> FATAL: Error inserting gspca
    > (/lib/modules/2.6.23.8/kernel/drivers/usb/media/gspca.ko): Invalid module
    > format.
    > I have tried the suggestion from http://people.vnoss.org/~hxizan/
    > without
    > success.
    > Any help would be appreciated.
    > Thanks, jwc

    Hi again,
    I want to thank the responders and finish this thread. The problem was the
    incompatibility of kernel source code and kernel. The dmessage output
    of '686 vs '486' is the clue. The solution to the problem, suggested by
    several responders, is to install a kernel and source code (and modules)
    with the 686 flag (probably the 486 flag would work also but there doesn't
    seem to be any such source code available). The smp kernels are apparently
    the only ones with compatible source code. The module can be built but not
    installed if this compatibility doesn't exist. There is a conversion patch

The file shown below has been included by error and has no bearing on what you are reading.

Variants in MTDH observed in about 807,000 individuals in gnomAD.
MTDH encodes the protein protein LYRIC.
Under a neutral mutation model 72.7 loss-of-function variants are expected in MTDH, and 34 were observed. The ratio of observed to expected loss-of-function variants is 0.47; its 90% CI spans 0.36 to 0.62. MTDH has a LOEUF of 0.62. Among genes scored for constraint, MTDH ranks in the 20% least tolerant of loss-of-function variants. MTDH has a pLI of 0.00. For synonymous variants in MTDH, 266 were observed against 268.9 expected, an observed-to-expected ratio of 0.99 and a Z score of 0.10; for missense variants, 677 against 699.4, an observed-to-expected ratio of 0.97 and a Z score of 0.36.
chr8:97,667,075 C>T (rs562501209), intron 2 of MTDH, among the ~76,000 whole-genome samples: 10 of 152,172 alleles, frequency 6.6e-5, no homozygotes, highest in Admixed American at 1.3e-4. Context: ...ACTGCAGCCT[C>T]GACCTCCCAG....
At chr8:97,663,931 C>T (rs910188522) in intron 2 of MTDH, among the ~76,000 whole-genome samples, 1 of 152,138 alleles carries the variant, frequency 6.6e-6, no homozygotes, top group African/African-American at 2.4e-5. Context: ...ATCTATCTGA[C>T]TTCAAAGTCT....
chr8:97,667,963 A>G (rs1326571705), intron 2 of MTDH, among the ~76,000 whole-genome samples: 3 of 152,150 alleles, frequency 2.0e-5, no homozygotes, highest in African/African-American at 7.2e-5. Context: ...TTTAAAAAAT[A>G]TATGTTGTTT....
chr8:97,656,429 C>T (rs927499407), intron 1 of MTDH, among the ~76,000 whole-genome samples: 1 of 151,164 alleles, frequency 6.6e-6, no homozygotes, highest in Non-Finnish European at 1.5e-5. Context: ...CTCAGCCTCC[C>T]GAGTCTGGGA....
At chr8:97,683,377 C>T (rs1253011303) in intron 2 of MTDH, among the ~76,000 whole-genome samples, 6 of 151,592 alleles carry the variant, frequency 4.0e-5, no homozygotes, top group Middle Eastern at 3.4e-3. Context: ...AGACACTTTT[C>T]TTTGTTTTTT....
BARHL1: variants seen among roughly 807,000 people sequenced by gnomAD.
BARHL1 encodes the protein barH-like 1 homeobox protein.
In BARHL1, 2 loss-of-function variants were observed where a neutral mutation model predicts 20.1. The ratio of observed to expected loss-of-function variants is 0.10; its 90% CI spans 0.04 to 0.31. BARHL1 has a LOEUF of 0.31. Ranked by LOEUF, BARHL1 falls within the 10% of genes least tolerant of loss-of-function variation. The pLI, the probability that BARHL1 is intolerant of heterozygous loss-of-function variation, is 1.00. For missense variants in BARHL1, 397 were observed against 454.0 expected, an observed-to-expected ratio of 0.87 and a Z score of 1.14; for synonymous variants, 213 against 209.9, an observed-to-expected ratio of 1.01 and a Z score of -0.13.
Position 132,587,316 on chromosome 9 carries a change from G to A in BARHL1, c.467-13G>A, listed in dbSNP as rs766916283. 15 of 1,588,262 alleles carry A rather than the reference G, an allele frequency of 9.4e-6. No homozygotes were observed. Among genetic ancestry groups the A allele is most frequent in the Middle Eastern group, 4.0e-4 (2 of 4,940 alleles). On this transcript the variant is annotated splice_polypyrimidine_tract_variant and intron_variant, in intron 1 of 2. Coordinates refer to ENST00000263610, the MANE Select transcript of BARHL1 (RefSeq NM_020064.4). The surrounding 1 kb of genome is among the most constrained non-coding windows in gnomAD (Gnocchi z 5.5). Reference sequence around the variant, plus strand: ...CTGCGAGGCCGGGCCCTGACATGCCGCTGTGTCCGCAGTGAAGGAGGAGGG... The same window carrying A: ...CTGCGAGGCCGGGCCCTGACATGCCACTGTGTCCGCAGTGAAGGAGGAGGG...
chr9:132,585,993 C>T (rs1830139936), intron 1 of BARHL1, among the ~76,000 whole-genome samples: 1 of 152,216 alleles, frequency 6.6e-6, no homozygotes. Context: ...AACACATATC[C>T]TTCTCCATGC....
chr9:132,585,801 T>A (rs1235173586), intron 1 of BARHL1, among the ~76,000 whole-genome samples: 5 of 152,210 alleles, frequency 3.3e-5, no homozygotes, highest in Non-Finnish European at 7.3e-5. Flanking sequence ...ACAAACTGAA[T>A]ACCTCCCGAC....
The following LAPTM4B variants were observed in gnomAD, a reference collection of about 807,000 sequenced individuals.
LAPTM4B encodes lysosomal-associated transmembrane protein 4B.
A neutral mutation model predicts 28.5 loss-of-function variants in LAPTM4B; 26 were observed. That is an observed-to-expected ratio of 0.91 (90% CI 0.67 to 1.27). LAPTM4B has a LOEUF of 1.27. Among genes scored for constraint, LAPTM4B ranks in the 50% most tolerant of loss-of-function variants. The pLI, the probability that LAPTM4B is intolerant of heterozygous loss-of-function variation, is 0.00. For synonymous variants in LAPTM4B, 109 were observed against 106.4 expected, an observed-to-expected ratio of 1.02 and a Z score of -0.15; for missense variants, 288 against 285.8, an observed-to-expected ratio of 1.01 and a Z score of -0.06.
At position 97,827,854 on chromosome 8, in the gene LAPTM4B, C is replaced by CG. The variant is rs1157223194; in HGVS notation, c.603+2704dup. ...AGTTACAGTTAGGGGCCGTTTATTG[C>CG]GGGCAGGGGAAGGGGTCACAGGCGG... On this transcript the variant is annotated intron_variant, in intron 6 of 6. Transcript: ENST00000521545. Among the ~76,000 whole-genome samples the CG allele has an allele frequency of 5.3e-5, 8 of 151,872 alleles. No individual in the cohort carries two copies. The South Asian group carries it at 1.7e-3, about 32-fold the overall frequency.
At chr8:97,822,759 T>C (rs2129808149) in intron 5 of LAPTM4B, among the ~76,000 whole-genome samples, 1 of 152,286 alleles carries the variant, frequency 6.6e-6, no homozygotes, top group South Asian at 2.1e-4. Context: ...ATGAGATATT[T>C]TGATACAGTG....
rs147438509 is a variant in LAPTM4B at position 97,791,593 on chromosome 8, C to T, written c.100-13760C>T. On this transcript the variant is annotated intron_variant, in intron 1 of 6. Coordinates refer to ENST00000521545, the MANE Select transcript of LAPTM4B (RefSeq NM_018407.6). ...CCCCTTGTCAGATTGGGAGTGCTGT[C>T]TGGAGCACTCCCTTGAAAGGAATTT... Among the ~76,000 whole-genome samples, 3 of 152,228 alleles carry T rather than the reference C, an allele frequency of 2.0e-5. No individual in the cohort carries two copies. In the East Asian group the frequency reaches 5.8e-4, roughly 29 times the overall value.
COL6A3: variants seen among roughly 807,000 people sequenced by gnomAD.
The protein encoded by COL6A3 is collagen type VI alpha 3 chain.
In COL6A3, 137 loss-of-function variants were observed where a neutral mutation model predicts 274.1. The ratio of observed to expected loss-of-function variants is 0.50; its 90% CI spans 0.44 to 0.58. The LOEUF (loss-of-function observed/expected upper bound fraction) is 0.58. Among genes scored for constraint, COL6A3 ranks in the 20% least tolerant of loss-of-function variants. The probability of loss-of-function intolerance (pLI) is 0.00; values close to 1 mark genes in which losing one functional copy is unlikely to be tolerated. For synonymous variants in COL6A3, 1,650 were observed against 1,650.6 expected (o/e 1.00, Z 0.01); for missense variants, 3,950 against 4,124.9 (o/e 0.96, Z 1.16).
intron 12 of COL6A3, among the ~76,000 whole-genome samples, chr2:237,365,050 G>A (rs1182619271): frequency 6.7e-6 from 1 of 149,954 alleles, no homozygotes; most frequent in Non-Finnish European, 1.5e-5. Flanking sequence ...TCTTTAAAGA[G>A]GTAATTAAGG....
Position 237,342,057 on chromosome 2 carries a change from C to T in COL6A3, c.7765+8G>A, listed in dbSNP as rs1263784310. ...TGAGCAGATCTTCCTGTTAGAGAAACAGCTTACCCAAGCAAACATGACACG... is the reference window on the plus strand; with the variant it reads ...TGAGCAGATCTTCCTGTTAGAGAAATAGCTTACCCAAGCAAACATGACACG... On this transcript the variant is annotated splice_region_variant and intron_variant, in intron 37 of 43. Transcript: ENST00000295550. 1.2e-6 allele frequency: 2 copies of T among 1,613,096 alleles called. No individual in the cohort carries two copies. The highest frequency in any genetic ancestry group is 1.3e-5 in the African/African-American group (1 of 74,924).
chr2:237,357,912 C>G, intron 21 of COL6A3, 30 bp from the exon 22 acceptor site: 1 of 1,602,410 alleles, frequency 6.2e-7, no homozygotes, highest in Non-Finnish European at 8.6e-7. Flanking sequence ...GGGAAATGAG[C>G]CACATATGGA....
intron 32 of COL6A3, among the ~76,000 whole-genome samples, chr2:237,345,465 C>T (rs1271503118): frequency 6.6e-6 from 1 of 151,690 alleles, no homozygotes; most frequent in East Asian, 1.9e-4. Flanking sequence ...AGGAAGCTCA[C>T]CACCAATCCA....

available but I chose not to go that route. For what it's worth I installed
    kernel-generic-smp-2.6.23.9_smp-i686-1 with accompanying source code and
    modules and everything works now.
    Cheers, jwc

  9. Re: spca module

    On 2007-11-30, john connolly wrote:
    > I want to thank the responders and finish this thread. The problem was the
    > incompatibility of kernel source code and kernel. The dmessage output
    > of '686 vs '486' is the clue. The solution to the problem, suggested by
    > several responders, is to install a kernel and source code (and modules)
    > with the 686 flag (probably the 486 flag would work also but there doesn't
    > seem to be any such source code available). The smp kernels are apparently
    > the only ones with compatible source code. The module can be built but not
    > installed if this compatibility doesn't exist. There is a conversion patch